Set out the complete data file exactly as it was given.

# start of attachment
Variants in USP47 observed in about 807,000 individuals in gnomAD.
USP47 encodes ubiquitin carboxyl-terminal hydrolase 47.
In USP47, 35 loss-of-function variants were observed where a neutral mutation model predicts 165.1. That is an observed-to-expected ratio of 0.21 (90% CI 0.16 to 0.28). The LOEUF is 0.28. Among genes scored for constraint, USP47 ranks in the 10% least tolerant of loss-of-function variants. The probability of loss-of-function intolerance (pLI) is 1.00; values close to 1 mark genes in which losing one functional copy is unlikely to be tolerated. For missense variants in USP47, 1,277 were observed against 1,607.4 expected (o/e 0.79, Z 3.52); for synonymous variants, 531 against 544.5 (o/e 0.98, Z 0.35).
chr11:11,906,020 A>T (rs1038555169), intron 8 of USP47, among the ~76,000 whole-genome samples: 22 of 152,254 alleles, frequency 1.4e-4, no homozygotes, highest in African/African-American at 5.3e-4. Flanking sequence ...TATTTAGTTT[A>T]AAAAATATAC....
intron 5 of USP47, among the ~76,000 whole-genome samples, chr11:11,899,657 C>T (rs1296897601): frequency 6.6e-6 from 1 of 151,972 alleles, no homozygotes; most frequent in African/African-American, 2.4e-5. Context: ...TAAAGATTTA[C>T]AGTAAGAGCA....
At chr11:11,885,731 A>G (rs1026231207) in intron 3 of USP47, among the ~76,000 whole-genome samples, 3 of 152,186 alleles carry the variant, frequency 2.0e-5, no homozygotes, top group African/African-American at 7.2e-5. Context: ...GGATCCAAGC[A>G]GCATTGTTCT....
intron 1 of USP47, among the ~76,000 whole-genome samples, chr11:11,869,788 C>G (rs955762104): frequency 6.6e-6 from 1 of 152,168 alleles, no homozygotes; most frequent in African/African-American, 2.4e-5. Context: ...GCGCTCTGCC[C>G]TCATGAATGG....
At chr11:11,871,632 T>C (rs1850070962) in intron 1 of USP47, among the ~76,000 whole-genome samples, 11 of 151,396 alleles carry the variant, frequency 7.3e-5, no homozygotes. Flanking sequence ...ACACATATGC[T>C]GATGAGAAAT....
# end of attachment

Variants in USP47 observed in about 807,000 individuals in gnomAD.
USP47 encodes ubiquitin carboxyl-terminal hydrolase 47.
In USP47, 35 loss-of-function variants were observed where a neutral mutation model predicts 165.1. That is an observed-to-expected ratio of 0.21 (90% CI 0.16 to 0.28). The LOEUF is 0.28. Among genes scored for constraint, USP47 ranks in the 10% least tolerant of loss-of-function variants. The probability of loss-of-function intolerance (pLI) is 1.00; values close to 1 mark genes in which losing one functional copy is unlikely to be tolerated. For missense variants in USP47, 1,277 were observed against 1,607.4 expected (o/e 0.79, Z 3.52); for synonymous variants, 531 against 544.5 (o/e 0.98, Z 0.35).
chr11:11,906,020 A>T (rs1038555169), intron 8 of USP47, among the ~76,000 whole-genome samples: 22 of 152,254 alleles, frequency 1.4e-4, no homozygotes, highest in African/African-American at 5.3e-4. Flanking sequence ...TATTTAGTTT[A>T]AAAAATATAC....
intron 5 of USP47, among the ~76,000 whole-genome samples, chr11:11,899,657 C>T (rs1296897601): frequency 6.6e-6 from 1 of 151,972 alleles, no homozygotes; most frequent in African/African-American, 2.4e-5. Context: ...TAAAGATTTA[C>T]AGTAAGAGCA....
At chr11:11,885,731 A>G (rs1026231207) in intron 3 of USP47, among the ~76,000 whole-genome samples, 3 of 152,186 alleles carry the variant, frequency 2.0e-5, no homozygotes, top group African/African-American at 7.2e-5. Context: ...GGATCCAAGC[A>G]GCATTGTTCT....
intron 1 of USP47, among the ~76,000 whole-genome samples, chr11:11,869,788 C>G (rs955762104): frequency 6.6e-6 from 1 of 152,168 alleles, no homozygotes; most frequent in African/African-American, 2.4e-5. Context: ...GCGCTCTGCC[C>G]TCATGAATGG....
At chr11:11,871,632 T>C (rs1850070962) in intron 1 of USP47, among the ~76,000 whole-genome samples, 11 of 151,396 alleles carry the variant, frequency 7.3e-5, no homozygotes. Flanking sequence ...ACACATATGC[T>C]GATGAGAAAT....